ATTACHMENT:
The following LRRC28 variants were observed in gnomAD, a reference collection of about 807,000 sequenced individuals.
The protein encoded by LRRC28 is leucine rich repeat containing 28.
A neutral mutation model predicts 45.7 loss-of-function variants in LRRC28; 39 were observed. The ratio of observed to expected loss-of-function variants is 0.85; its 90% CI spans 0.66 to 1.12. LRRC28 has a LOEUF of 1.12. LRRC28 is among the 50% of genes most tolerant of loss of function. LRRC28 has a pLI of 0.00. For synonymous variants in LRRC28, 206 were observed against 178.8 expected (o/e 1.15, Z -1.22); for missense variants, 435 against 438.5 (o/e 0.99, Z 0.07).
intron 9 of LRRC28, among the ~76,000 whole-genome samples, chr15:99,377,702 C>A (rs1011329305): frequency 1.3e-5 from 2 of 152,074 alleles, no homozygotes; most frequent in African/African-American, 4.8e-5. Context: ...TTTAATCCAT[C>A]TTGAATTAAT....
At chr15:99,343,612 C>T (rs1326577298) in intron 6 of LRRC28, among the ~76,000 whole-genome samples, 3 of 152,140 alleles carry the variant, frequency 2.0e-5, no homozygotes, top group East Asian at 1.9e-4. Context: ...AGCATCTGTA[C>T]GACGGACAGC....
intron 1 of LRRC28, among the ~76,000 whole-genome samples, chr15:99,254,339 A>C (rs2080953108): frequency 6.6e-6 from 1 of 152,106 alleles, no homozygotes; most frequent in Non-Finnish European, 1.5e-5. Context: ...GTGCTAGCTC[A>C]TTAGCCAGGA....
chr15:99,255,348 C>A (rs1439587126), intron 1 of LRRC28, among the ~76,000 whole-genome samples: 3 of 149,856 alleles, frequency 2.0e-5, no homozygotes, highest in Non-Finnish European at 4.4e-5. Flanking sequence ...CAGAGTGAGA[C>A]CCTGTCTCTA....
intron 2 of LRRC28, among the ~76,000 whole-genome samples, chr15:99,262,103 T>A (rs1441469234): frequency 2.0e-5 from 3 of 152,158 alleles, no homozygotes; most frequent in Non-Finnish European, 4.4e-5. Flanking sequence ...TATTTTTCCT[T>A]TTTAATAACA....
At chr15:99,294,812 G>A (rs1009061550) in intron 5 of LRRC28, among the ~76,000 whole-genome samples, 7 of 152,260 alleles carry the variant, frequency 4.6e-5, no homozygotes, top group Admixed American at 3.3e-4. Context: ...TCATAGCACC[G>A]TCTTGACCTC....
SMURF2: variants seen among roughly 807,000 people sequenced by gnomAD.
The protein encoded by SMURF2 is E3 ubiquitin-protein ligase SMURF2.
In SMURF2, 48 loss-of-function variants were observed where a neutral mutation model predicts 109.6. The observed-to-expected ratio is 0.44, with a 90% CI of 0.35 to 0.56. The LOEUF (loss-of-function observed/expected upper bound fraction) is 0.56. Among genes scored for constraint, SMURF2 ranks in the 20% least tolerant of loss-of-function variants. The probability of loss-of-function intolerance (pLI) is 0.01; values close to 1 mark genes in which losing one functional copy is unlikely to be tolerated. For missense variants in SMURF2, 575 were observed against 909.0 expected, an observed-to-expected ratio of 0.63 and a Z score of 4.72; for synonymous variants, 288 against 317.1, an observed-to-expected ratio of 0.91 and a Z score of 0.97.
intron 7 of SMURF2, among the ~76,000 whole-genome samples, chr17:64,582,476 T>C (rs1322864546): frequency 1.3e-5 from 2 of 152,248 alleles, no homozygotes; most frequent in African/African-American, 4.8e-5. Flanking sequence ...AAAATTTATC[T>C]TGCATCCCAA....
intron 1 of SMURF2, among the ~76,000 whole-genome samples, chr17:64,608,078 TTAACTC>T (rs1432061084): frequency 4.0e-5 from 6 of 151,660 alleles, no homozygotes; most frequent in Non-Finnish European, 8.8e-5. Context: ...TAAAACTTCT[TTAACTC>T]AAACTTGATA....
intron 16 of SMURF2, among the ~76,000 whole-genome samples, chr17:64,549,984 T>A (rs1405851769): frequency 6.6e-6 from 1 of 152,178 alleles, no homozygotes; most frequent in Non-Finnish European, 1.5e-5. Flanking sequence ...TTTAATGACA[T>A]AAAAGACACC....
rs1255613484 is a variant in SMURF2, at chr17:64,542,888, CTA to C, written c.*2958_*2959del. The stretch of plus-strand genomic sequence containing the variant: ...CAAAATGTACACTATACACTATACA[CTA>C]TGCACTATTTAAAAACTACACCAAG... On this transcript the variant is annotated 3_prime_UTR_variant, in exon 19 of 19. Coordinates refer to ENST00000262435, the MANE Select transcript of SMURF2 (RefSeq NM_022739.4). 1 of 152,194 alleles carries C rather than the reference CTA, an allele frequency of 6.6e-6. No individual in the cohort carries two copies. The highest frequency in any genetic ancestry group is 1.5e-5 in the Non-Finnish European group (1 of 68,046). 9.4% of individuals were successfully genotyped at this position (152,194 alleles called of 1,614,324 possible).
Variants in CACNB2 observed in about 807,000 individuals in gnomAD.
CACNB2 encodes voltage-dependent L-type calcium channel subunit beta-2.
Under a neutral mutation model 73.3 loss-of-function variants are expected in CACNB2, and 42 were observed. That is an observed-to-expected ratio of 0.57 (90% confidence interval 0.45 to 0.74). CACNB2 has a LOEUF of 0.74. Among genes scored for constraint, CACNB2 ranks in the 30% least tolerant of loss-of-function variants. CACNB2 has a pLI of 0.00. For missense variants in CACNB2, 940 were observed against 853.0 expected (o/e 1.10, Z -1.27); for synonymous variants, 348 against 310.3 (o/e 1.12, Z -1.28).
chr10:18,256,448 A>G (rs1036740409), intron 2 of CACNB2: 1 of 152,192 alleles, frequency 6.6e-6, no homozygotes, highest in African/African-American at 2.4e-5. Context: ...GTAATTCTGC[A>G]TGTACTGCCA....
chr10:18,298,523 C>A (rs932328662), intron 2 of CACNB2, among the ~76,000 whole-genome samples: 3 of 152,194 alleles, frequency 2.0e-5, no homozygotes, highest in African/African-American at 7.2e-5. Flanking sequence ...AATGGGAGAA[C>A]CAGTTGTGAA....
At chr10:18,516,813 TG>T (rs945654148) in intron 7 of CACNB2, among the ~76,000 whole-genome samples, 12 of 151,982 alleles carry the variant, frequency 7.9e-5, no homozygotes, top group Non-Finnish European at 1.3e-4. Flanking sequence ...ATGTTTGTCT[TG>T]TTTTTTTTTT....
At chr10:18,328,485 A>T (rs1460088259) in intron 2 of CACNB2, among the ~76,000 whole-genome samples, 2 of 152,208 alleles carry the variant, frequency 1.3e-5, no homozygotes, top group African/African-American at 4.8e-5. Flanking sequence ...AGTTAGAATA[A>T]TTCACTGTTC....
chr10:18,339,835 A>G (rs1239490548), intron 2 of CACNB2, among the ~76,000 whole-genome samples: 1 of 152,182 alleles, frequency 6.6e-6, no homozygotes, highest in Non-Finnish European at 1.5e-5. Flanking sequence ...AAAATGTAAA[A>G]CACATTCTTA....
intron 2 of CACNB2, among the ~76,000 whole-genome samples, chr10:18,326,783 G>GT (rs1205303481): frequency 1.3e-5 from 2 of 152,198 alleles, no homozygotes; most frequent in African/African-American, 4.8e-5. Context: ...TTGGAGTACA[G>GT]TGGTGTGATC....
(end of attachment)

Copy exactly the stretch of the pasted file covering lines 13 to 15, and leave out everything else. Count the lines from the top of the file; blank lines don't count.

intron 7 of SMURF2, among the ~76,000 whole-genome samples, chr17:64,582,476 T>C (rs1322864546): frequency 1.3e-5 from 2 of 152,248 alleles, no homozygotes; most frequent in African/African-American, 4.8e-5. Flanking sequence ...AAAATTTATC[T>C]TGCATCCCAA....
intron 1 of SMURF2, among the ~76,000 whole-genome samples, chr17:64,608,078 TTAACTC>T (rs1432061084): frequency 4.0e-5 from 6 of 151,660 alleles, no homozygotes; most frequent in Non-Finnish European, 8.8e-5. Context: ...TAAAACTTCT[TTAACTC>T]AAACTTGATA....
intron 16 of SMURF2, among the ~76,000 whole-genome samples, chr17:64,549,984 T>A (rs1405851769): frequency 6.6e-6 from 1 of 152,178 alleles, no homozygotes; most frequent in Non-Finnish European, 1.5e-5. Flanking sequence ...TTTAATGACA[T>A]AAAAGACACC....